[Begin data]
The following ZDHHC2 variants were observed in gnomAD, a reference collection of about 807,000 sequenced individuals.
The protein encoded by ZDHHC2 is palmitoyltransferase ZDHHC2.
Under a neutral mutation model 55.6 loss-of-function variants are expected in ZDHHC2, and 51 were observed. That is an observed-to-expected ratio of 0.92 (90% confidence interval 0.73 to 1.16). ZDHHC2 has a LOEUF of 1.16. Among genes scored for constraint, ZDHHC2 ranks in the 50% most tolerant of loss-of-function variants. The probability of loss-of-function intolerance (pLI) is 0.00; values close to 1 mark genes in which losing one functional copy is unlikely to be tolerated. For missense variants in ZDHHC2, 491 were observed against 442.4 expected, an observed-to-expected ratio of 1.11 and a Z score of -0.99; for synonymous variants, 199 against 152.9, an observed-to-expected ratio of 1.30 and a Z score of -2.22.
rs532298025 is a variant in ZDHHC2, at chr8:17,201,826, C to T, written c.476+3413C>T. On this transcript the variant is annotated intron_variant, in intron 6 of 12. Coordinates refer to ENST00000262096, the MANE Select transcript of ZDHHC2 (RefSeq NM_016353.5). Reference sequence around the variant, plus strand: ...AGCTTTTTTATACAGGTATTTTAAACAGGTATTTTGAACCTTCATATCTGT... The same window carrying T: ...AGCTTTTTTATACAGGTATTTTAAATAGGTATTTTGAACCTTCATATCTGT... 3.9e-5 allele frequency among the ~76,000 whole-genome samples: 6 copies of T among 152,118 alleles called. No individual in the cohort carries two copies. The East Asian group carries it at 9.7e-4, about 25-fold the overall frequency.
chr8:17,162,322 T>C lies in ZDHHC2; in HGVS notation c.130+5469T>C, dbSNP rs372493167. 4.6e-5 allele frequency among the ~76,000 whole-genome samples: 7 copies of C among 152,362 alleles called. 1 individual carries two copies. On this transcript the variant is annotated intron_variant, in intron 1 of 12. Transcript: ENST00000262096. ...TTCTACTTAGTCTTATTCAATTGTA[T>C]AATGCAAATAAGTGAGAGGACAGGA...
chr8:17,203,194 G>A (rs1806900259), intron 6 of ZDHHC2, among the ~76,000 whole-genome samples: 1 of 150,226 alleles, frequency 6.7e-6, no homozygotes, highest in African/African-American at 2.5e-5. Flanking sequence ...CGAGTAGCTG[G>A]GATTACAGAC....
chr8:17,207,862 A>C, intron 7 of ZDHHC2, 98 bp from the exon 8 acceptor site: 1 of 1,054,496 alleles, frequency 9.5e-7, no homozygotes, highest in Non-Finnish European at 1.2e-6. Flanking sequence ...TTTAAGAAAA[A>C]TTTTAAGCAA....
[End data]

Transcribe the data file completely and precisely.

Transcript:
The following ZDHHC2 variants were observed in gnomAD, a reference collection of about 807,000 sequenced individuals.
The protein encoded by ZDHHC2 is palmitoyltransferase ZDHHC2.
Under a neutral mutation model 55.6 loss-of-function variants are expected in ZDHHC2, and 51 were observed. That is an observed-to-expected ratio of 0.92 (90% confidence interval 0.73 to 1.16). ZDHHC2 has a LOEUF of 1.16. Among genes scored for constraint, ZDHHC2 ranks in the 50% most tolerant of loss-of-function variants. The probability of loss-of-function intolerance (pLI) is 0.00; values close to 1 mark genes in which losing one functional copy is unlikely to be tolerated. For missense variants in ZDHHC2, 491 were observed against 442.4 expected, an observed-to-expected ratio of 1.11 and a Z score of -0.99; for synonymous variants, 199 against 152.9, an observed-to-expected ratio of 1.30 and a Z score of -2.22.
rs532298025 is a variant in ZDHHC2, at chr8:17,201,826, C to T, written c.476+3413C>T. On this transcript the variant is annotated intron_variant, in intron 6 of 12. Coordinates refer to ENST00000262096, the MANE Select transcript of ZDHHC2 (RefSeq NM_016353.5). Reference sequence around the variant, plus strand: ...AGCTTTTTTATACAGGTATTTTAAACAGGTATTTTGAACCTTCATATCTGT... The same window carrying T: ...AGCTTTTTTATACAGGTATTTTAAATAGGTATTTTGAACCTTCATATCTGT... 3.9e-5 allele frequency among the ~76,000 whole-genome samples: 6 copies of T among 152,118 alleles called. No individual in the cohort carries two copies. The East Asian group carries it at 9.7e-4, about 25-fold the overall frequency.
chr8:17,162,322 T>C lies in ZDHHC2; in HGVS notation c.130+5469T>C, dbSNP rs372493167. 4.6e-5 allele frequency among the ~76,000 whole-genome samples: 7 copies of C among 152,362 alleles called. 1 individual carries two copies. On this transcript the variant is annotated intron_variant, in intron 1 of 12. Transcript: ENST00000262096. ...TTCTACTTAGTCTTATTCAATTGTA[T>C]AATGCAAATAAGTGAGAGGACAGGA...
chr8:17,203,194 G>A (rs1806900259), intron 6 of ZDHHC2, among the ~76,000 whole-genome samples: 1 of 150,226 alleles, frequency 6.7e-6, no homozygotes, highest in African/African-American at 2.5e-5. Flanking sequence ...CGAGTAGCTG[G>A]GATTACAGAC....
chr8:17,207,862 A>C, intron 7 of ZDHHC2, 98 bp from the exon 8 acceptor site: 1 of 1,054,496 alleles, frequency 9.5e-7, no homozygotes, highest in Non-Finnish European at 1.2e-6. Flanking sequence ...TTTAAGAAAA[A>C]TTTTAAGCAA....